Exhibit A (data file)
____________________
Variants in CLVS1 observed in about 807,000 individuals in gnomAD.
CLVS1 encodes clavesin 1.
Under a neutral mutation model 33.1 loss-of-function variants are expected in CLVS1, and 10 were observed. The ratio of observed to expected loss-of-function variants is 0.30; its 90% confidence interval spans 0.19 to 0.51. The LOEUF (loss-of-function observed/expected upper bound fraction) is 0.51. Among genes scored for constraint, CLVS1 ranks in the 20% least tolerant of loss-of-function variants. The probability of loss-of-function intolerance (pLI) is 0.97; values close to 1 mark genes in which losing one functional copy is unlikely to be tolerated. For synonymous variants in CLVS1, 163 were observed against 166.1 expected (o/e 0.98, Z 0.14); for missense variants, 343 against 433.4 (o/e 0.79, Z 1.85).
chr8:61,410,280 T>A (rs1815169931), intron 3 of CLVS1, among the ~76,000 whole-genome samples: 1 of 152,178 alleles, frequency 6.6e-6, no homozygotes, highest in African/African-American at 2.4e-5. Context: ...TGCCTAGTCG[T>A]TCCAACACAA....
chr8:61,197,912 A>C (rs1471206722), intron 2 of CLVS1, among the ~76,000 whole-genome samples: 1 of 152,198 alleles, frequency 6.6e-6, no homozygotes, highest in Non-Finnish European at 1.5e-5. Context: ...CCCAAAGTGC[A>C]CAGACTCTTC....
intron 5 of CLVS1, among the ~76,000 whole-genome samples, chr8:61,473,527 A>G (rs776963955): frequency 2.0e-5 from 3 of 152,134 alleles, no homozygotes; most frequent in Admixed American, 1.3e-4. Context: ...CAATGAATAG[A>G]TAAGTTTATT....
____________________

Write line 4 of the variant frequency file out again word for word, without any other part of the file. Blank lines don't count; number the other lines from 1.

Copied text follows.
chr8:61,410,280 T>A (rs1815169931), intron 3 of CLVS1, among the ~76,000 whole-genome samples: 1 of 152,178 alleles, frequency 6.6e-6, no homozygotes, highest in African/African-American at 2.4e-5. Context: ...TGCCTAGTCG[T>A]TCCAACACAA....